The Grotto of Cattalus is a wonderland of Roman ruins nestled on the tip of the peninsula of Sirmione, Italy.
(art history nerd alert!) It's not actually a grotto. It was originally called a "grotto" in reference to its run-down and collapsed walls. And the Roman poet Cattalus never lived there (his birth and death dates don't line up). But like so many other historical sites (don't get me started on the Colosseum), this technically-incorrect name has stuck.
The Grotto of Cattalus boasts some of the best preserved ruins of a domestic Roman edifice in Northern Italy, and set against a lake and mountains, it is pretty easy on the eyes.
We arrived at sunset, and like at Scaliger Castle, the crowds were thin on this warm September day.
Besides exploring the expansive ruins, you can also wander through the site's beautiful olive groves...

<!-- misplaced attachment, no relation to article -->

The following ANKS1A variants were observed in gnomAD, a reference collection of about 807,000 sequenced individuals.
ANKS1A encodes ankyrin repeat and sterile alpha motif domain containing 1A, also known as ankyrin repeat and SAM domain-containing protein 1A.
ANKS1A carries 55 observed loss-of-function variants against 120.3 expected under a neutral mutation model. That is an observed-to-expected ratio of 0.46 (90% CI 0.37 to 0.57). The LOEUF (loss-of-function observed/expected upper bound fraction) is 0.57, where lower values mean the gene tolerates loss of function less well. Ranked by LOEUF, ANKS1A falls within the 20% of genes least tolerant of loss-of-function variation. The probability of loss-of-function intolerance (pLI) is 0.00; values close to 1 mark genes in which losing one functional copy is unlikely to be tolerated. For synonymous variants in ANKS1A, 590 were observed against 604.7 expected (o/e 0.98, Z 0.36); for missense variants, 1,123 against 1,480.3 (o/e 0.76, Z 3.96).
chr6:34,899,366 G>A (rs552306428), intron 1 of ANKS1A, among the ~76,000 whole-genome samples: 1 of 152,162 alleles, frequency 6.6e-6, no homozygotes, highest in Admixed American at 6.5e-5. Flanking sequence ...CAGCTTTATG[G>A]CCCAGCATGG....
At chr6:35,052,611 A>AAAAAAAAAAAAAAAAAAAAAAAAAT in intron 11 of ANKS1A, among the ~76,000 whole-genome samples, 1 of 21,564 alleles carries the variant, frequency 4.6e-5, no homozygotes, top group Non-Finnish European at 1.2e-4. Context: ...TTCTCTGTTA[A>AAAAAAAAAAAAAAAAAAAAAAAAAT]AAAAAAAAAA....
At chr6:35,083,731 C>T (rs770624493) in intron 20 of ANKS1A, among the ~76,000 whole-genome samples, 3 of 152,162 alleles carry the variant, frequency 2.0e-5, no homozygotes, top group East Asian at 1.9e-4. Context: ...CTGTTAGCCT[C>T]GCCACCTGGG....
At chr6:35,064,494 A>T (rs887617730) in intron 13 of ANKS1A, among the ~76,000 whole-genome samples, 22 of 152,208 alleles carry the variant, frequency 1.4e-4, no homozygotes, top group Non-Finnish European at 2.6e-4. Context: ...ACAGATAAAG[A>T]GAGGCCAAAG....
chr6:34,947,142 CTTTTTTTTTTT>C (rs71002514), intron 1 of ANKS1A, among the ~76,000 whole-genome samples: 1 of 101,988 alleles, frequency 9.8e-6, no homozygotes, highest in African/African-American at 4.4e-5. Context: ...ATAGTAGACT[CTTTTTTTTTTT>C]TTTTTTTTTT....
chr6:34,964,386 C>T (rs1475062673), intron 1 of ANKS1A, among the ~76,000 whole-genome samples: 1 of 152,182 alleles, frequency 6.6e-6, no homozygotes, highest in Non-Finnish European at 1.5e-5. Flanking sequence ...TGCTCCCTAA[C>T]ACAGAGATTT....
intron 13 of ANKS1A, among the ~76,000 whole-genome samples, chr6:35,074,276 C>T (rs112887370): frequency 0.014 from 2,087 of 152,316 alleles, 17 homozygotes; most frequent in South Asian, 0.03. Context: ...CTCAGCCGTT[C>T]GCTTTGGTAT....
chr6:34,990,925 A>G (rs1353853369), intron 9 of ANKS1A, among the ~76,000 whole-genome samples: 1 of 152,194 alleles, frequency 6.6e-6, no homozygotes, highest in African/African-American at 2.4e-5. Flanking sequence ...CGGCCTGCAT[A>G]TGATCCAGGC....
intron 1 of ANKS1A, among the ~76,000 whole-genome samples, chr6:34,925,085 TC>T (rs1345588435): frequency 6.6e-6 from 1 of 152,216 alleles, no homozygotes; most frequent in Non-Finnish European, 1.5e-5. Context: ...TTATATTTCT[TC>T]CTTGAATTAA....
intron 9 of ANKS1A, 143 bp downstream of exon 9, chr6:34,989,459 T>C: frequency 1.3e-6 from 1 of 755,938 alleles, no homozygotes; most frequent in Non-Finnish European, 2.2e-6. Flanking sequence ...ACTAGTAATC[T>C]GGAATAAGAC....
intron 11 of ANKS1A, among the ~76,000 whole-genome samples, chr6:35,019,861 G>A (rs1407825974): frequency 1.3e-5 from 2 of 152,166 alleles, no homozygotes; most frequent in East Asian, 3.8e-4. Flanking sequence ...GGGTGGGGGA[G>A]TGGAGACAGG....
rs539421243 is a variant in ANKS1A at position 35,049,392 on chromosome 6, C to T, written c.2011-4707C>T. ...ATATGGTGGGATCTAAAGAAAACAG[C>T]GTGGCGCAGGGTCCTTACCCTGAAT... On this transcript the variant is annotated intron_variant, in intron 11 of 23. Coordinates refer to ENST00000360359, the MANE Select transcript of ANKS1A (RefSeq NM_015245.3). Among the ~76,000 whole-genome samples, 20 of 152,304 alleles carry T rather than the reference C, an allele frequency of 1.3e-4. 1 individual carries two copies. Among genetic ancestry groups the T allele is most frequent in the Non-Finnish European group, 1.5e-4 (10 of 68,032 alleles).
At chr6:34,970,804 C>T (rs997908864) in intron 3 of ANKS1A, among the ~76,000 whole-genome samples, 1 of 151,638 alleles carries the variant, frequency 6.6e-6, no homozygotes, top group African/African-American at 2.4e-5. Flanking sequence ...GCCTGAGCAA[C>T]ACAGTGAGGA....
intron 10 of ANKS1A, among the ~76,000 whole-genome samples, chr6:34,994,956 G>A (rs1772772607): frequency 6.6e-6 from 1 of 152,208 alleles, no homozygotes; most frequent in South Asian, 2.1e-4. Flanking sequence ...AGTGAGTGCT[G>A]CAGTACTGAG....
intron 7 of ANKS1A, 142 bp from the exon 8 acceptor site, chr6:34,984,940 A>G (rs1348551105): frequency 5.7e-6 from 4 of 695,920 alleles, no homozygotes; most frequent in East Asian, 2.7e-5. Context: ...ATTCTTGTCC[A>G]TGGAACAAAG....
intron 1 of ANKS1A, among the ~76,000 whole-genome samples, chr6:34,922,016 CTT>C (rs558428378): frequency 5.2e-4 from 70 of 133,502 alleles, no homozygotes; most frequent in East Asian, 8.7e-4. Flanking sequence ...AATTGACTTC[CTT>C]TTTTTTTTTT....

...And literally touch history (I figure if the tiles are exposed to the elements, it won't hurt them if I run my hands over them, right?)
Can you picture ancient Romans lying these beautiful tiles? I think they would be right at home in a 2013 house (that's the real definition of timeless.)
Kind of makes you wonder what will be left of our cultures in 2,000 years.
After our visit we stopped for some drinks and salty snacks, as birds chirped in the olive trees and the sun sank lower and lower over the lake.
It was the last night of our road trip, and it couldn't have ended on a more perfect note.
Have a lovely weekend. Next week - the end of our road trip posts!